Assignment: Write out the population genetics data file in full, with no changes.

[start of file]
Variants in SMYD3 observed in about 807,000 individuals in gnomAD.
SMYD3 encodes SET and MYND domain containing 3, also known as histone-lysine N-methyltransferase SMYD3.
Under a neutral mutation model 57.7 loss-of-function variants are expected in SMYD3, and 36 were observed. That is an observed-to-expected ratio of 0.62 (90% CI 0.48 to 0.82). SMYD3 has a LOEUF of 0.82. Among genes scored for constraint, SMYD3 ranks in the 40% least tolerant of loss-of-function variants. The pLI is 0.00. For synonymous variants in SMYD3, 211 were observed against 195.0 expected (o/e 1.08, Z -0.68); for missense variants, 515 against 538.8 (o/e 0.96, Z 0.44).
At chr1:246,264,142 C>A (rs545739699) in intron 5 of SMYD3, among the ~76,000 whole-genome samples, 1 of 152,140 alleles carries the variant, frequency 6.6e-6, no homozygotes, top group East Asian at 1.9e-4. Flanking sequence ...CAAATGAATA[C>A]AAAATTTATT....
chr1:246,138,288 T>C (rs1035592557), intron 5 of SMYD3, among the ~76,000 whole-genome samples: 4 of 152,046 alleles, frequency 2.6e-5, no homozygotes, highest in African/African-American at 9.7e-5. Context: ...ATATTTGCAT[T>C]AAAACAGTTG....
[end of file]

Variants in SMYD3 observed in about 807,000 individuals in gnomAD.
SMYD3 encodes SET and MYND domain containing 3, also known as histone-lysine N-methyltransferase SMYD3.
Under a neutral mutation model 57.7 loss-of-function variants are expected in SMYD3, and 36 were observed. That is an observed-to-expected ratio of 0.62 (90% CI 0.48 to 0.82). SMYD3 has a LOEUF of 0.82. Among genes scored for constraint, SMYD3 ranks in the 40% least tolerant of loss-of-function variants. The pLI is 0.00. For synonymous variants in SMYD3, 211 were observed against 195.0 expected (o/e 1.08, Z -0.68); for missense variants, 515 against 538.8 (o/e 0.96, Z 0.44).
At chr1:246,264,142 C>A (rs545739699) in intron 5 of SMYD3, among the ~76,000 whole-genome samples, 1 of 152,140 alleles carries the variant, frequency 6.6e-6, no homozygotes, top group East Asian at 1.9e-4. Flanking sequence ...CAAATGAATA[C>A]AAAATTTATT....
chr1:246,138,288 T>C (rs1035592557), intron 5 of SMYD3, among the ~76,000 whole-genome samples: 4 of 152,046 alleles, frequency 2.6e-5, no homozygotes, highest in African/African-American at 9.7e-5. Context: ...ATATTTGCAT[T>C]AAAACAGTTG....